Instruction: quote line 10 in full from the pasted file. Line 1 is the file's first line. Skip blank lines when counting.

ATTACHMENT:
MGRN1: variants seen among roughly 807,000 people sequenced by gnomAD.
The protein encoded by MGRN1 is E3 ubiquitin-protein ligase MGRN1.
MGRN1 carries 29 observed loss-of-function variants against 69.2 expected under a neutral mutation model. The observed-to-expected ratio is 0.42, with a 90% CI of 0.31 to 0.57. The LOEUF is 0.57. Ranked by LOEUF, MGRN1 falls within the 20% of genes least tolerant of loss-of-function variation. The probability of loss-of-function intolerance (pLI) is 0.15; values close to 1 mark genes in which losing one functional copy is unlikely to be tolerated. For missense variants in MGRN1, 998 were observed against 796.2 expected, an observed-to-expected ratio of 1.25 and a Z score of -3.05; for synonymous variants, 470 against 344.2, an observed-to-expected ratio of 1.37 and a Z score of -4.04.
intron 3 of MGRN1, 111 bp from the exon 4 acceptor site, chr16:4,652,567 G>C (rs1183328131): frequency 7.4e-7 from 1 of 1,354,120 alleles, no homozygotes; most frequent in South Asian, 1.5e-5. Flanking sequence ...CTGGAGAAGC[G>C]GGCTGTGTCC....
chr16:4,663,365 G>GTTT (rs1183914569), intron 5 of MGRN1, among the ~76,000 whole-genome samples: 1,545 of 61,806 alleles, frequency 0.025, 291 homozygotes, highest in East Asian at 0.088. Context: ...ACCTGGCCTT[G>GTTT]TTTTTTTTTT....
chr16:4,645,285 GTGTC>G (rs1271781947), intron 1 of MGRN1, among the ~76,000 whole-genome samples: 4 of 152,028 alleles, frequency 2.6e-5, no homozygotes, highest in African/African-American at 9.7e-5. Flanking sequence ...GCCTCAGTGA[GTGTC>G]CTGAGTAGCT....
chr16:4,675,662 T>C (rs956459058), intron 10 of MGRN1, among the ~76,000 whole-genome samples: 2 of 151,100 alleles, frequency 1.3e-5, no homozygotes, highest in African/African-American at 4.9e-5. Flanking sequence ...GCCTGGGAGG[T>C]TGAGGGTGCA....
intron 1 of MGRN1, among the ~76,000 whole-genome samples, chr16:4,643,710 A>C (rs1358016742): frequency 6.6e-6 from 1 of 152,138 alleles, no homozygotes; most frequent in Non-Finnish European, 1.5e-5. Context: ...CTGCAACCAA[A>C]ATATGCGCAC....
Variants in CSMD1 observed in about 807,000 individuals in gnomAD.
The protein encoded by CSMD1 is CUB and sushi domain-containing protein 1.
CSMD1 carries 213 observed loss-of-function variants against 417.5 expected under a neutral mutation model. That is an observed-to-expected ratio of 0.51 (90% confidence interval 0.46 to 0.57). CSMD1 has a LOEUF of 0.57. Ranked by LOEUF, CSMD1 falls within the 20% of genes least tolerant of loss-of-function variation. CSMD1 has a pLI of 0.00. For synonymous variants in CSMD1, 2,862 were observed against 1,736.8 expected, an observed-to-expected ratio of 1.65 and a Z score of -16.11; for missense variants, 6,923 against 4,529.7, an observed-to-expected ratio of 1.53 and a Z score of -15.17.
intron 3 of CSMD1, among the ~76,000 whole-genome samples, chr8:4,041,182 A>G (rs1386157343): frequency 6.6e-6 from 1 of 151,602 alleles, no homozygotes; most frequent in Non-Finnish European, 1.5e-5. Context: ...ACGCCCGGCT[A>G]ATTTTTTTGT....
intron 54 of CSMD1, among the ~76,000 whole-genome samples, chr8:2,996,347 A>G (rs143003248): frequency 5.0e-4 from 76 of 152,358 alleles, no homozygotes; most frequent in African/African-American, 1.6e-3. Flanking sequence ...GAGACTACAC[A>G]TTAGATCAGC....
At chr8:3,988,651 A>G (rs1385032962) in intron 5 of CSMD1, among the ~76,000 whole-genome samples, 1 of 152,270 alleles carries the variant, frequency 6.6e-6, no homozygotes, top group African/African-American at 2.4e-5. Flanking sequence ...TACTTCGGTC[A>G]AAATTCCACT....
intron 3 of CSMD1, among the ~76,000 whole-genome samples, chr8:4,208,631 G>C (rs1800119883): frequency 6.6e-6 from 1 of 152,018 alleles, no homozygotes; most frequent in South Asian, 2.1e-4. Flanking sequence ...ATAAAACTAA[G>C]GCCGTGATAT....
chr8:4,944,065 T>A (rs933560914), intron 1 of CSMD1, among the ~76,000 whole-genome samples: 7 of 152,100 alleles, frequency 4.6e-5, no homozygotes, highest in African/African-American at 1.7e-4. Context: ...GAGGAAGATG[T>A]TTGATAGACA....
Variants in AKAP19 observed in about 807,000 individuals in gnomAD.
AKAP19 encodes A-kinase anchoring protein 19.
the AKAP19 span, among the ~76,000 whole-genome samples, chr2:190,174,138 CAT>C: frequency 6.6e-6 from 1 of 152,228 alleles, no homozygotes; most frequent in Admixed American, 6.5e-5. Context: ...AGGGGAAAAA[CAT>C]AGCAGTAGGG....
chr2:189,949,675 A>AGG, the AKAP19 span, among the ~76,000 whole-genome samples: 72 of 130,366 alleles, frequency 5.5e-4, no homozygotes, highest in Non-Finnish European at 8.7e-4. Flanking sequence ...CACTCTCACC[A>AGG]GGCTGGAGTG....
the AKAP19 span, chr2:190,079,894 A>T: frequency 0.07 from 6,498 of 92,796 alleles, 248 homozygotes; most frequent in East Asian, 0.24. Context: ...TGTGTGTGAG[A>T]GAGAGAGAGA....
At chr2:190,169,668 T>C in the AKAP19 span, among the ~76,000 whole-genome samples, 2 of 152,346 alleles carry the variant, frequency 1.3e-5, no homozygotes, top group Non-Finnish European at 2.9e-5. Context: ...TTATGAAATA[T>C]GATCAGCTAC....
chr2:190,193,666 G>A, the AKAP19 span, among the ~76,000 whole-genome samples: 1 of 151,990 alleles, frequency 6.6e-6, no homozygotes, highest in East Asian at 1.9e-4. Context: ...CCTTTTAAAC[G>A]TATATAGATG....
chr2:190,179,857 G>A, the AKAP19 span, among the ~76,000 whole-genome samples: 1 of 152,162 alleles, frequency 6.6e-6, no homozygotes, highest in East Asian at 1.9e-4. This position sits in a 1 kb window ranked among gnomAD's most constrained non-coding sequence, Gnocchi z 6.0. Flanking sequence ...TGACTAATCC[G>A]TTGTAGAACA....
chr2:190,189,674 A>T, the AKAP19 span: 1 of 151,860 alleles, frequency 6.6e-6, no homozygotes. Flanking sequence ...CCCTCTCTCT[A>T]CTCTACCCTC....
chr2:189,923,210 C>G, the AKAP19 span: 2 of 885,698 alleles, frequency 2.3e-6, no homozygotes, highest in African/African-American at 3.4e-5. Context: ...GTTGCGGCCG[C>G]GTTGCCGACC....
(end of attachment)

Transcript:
The protein encoded by CSMD1 is CUB and sushi domain-containing protein 1.